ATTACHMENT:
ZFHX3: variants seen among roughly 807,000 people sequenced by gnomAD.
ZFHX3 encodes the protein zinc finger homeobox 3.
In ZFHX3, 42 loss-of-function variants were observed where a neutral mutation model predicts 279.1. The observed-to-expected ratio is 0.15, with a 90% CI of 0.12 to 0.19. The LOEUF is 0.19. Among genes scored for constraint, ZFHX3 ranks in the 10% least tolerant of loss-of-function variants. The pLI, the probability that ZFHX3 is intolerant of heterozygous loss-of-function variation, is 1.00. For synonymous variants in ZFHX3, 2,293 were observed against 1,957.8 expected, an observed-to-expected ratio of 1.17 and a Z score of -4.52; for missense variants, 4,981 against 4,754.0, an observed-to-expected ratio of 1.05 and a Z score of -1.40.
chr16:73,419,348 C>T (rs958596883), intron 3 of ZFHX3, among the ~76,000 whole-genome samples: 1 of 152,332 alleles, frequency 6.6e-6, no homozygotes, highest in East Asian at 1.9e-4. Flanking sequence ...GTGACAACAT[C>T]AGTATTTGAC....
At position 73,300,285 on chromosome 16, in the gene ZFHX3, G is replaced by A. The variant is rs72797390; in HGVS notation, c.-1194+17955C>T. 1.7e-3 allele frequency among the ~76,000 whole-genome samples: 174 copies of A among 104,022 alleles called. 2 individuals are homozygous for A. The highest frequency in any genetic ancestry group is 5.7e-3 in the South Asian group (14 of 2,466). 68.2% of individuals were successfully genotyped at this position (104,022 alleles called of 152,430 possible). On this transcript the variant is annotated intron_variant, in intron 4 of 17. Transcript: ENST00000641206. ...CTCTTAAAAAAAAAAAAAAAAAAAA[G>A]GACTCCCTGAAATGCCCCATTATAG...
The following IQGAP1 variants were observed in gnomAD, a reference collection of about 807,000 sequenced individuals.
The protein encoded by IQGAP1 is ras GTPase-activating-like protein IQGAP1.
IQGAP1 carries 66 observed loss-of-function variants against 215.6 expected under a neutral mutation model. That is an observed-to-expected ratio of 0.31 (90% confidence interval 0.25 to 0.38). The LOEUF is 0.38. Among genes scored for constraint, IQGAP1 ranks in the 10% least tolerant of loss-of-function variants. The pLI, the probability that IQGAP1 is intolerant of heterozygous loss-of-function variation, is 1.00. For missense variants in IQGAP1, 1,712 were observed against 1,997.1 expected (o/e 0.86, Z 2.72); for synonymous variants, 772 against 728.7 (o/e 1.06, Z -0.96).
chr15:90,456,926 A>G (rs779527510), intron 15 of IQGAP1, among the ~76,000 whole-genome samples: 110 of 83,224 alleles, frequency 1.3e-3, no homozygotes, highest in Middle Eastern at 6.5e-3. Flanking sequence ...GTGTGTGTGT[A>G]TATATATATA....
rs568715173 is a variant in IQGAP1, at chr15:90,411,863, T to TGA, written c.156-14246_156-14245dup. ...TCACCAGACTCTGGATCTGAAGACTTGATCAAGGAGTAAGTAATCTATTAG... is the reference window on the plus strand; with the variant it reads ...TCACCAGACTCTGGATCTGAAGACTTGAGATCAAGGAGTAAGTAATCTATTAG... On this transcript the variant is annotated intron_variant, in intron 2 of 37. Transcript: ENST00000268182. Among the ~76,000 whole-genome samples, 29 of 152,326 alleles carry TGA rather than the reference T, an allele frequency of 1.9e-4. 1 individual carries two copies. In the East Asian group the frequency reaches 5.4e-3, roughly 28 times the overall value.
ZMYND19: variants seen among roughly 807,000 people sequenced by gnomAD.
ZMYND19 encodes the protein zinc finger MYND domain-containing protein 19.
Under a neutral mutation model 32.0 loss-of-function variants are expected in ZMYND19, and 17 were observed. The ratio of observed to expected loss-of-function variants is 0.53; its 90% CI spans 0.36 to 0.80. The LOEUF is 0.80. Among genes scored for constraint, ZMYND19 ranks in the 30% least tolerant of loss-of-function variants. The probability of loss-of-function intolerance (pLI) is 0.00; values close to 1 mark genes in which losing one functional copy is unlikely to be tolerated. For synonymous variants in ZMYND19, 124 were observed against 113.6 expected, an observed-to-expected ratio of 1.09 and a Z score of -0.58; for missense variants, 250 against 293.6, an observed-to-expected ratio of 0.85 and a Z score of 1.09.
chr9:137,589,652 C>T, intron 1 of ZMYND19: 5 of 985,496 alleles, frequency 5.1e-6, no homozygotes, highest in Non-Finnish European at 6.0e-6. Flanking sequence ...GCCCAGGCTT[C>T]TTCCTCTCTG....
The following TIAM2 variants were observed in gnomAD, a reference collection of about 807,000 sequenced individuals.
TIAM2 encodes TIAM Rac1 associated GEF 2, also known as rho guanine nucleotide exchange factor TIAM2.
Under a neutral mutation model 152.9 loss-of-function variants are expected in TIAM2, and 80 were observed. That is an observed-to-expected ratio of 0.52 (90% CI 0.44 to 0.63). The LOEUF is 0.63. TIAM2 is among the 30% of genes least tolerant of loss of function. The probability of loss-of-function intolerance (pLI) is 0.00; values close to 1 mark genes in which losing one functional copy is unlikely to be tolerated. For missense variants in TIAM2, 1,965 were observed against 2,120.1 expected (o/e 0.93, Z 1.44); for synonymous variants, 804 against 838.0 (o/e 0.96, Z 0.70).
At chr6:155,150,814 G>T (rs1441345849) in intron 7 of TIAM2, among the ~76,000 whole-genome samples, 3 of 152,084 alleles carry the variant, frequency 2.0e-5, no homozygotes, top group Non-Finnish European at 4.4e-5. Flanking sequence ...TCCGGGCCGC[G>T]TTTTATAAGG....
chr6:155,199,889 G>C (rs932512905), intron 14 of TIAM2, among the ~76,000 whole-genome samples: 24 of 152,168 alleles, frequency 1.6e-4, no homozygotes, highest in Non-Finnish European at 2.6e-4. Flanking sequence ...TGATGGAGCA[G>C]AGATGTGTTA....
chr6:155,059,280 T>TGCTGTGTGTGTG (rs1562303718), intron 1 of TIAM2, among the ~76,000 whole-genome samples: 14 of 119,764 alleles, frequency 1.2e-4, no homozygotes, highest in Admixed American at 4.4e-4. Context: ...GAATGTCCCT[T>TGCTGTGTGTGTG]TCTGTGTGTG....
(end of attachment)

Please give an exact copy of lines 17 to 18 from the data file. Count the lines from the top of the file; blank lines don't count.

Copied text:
Under a neutral mutation model 152.9 loss-of-function variants are expected in TIAM2, and 80 were observed. That is an observed-to-expected ratio of 0.52 (90% CI 0.44 to 0.63). The LOEUF is 0.63. TIAM2 is among the 30% of genes least tolerant of loss of function. The probability of loss-of-function intolerance (pLI) is 0.00; values close to 1 mark genes in which losing one functional copy is unlikely to be tolerated. For missense variants in TIAM2, 1,965 were observed against 2,120.1 expected (o/e 0.93, Z 1.44); for synonymous variants, 804 against 838.0 (o/e 0.96, Z 0.70).
At chr6:155,150,814 G>T (rs1441345849) in intron 7 of TIAM2, among the ~76,000 whole-genome samples, 3 of 152,084 alleles carry the variant, frequency 2.0e-5, no homozygotes, top group Non-Finnish European at 4.4e-5. Flanking sequence ...TCCGGGCCGC[G>T]TTTTATAAGG....